The Economy

The Changing Cost of a Thanksgiving Dinner

A customer shops for a turkey at a Walmart store in Los Angeles in 2013. (Kevork Djansezian/Reuters)
It’s not as bad as you might think.

The cost of living in the United States is an increasingly salient topic in public-policy circles today. As Mark J. Perry from the American Enterprise Institute documents, child care, education, and health care have become more expensive relative to wages over the last two decades. Conversely, cars, clothing, food and beverages, household furnishings, housing, software, and toys have become cheaper. In light of today’s holiday, we will focus on the cost of a Thanksgiving Day dinner between 1986 and 2020. The positive picture we paint certainly does not detract from the real hardship American families have faced during the COVID-19 pandemic. But it may make us more grateful for the U.S. farmers and free enterprise that make food historically superabundant.

Since 1986, the American Farm Bureau Federation has conducted an annual price survey of food items found in a typical Thanksgiving Day dinner. The items on this shopping list are designed to serve a group of ten people, with leftovers. The list includes a 16-pound turkey, a 30-oz pumpkin pie mix, one gallon of milk, a one-pound vegetable tray, twelve bread rolls, two pie shells, one pound of green peas, twelve ounces of fresh cranberries, one-half pint of whipping cream, 14 ounces of cubed stuffing, three pounds of sweet potatoes, and several miscellaneous ingredients. What has happened to the price of a Thanksgiving Day dinner over time?

In nominal terms, the cost rose from $28.74 in 1986 to $46.90 in 2020 (a 63.2 percent increase). Over the same period, inflation amounted to 135 percent, which would have meant that the dinner should have cost around $67.69. In fact, it cost only $46.90. So, adjusted for inflation, a Thanksgiving Day dinner became $20.79 (i.e., 30.7 percent cheaper). But what if we analyze the cost of a Thanksgiving Day dinner using “time prices”? To calculate the time price of a Thanksgiving Day dinner, we divide the nominal price of the meal by the nominal wage rate. That will give us the number of hours of work required to earn enough money to feed the ten guests. We can then analyze the change in time prices over time.

As noted, the nominal cost of a Thanksgiving Day dinner increased 63.2 percent between 1986 and 2020. Over the same period, the unskilled hourly wage rate increased by 173.2 percent. That means that the time price of the meal for an unskilled worker declined from 5.48 hours in 1986 to 3.27 hours in 2020 (a 40.3 percent decrease). As such, unskilled workers could buy 1.67 Thanksgiving Day dinners in 2020 for the same amount of work required to buy one meal in 1986.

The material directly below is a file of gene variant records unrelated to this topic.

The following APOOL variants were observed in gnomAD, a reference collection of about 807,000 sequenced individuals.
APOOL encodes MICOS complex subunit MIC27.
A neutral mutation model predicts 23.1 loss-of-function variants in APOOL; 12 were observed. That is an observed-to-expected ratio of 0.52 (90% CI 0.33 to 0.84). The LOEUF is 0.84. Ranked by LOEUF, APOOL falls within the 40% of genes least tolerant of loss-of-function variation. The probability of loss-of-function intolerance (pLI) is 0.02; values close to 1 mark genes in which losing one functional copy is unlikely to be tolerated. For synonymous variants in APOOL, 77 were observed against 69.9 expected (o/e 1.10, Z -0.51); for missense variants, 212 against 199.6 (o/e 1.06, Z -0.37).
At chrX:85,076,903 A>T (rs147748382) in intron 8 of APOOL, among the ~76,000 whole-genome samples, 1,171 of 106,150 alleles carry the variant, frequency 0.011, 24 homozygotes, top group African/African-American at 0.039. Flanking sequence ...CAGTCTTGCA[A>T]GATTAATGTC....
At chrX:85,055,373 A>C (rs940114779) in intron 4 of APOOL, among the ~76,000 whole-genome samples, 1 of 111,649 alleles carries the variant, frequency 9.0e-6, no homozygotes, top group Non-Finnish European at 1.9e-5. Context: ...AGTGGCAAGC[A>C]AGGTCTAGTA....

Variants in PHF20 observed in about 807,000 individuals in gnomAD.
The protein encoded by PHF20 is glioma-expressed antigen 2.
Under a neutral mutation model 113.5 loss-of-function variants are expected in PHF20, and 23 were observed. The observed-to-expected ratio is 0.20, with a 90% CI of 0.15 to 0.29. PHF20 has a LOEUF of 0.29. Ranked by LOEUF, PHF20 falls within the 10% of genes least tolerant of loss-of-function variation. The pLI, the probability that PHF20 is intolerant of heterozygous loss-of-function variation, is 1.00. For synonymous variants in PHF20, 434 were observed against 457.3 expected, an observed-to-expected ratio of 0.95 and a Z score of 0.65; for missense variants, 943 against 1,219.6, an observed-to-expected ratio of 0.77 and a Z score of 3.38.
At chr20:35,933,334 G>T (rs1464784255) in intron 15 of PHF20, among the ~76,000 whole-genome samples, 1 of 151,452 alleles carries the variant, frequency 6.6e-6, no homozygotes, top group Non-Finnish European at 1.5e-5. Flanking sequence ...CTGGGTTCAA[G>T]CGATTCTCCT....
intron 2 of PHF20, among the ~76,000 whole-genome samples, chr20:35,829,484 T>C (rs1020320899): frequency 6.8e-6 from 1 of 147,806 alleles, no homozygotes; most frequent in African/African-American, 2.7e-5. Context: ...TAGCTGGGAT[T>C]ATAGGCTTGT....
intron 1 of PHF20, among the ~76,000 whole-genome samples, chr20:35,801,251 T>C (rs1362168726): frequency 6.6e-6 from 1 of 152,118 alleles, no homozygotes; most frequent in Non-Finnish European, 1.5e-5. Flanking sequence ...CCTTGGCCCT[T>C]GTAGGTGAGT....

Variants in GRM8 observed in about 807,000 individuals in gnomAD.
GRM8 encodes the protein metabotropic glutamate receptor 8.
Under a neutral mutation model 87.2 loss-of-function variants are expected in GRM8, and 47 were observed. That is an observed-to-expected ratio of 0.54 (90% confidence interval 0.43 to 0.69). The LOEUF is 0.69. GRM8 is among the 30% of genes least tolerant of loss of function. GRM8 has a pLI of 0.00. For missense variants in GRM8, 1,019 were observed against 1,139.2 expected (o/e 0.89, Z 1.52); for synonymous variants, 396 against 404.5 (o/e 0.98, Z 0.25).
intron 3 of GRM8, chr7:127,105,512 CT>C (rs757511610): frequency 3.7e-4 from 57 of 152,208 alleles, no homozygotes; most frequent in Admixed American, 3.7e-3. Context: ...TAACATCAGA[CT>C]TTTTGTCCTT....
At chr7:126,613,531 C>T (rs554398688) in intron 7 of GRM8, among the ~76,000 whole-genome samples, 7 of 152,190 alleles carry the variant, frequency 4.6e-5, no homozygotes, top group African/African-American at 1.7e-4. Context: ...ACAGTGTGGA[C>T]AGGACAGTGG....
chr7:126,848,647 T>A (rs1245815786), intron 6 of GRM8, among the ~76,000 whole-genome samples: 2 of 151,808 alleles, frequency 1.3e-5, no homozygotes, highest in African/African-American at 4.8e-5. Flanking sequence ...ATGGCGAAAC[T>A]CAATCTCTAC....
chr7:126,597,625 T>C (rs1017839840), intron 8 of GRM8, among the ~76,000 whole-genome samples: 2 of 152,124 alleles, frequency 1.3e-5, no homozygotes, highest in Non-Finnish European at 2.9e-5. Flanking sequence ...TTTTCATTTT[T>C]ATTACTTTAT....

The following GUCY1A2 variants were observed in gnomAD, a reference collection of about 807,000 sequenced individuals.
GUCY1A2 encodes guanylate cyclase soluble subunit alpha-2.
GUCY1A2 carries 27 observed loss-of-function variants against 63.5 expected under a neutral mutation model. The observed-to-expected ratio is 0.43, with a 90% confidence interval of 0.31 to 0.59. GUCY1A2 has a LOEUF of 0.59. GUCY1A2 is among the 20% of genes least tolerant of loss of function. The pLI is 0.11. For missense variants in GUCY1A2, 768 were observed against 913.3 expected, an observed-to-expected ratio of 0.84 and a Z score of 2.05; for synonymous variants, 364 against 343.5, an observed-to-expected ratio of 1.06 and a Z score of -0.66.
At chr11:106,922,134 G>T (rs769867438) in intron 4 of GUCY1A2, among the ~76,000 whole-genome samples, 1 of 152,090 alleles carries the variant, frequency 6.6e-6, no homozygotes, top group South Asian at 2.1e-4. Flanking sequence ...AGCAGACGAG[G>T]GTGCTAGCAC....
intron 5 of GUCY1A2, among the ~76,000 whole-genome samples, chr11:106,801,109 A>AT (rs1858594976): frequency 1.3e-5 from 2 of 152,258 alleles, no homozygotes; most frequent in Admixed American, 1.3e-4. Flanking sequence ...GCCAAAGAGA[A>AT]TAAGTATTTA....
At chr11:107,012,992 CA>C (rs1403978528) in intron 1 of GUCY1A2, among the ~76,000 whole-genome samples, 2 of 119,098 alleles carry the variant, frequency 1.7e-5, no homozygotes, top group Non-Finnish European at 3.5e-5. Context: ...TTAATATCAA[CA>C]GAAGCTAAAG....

The hourly compensation rate of a blue-collar worker rose by 163.4 percent. Consequently, the time price of a Thanksgiving Day dinner declined from 2.23 hours in 1986 to 1.38 hours in 2020 (a 38 percent decrease). As such, blue-collar workers could buy 1.61 Thanksgiving Day dinners in 2020 for the same amount of work required to buy one meal in 1986.

The unskilled workers who upgraded their skills to become blue-collar workers between 1986 and 2020 saw their hourly wage rise by 547.4 percent. So, the Time Price of a Thanksgiving Day dinner fell by 74.8 percent. These “upskilling” workers were thus able to buy 3.97 Thanksgiving Day dinners for the same amount of work required to buy one meal in 1986.

Finally, imagine providing a Thanksgiving Day dinner for everyone in the United States. That will give you a sense of the relationship between food prices and population growth. The U.S. population rose from 240 million in 1986 to 331 million in 2020 (a 37.9 percent increase). What happened to the total Thanksgiving Day dinner bill over that 34-year period?

If the whole of the United States consisted of unskilled workers in 1986, the total Thanksgiving Day dinner bill would have fallen by 17.6 percent in 2020. If everyone in the United States were a blue-collar worker, the total bill would have fallen by 14.6 percent. If everyone upskilled from unskilled work to blue-collar work, the total Thanksgiving Day dinner bill would have fallen by an astonishing 65.2 percent.

Put differently, the total Thanksgiving Day dinner bill in the United States fell, even though the U.S. population increased. With every hungry mouth comes a pair of hands and a brain capable of invention and innovation. So, on this Thanksgiving Day, let us be thankful for all the American inventors and innovators who enrich our lives with plentiful food and, hopefully, a cure for the COVID-19 pandemic.

Marian L. Tupy is the editor of HumanProgress.org and a senior fellow at the Cato Institute’s Center for Global Liberty and Prosperity. Gale L. Pooley is an associate professor of business management at Brigham Young University-Hawaii.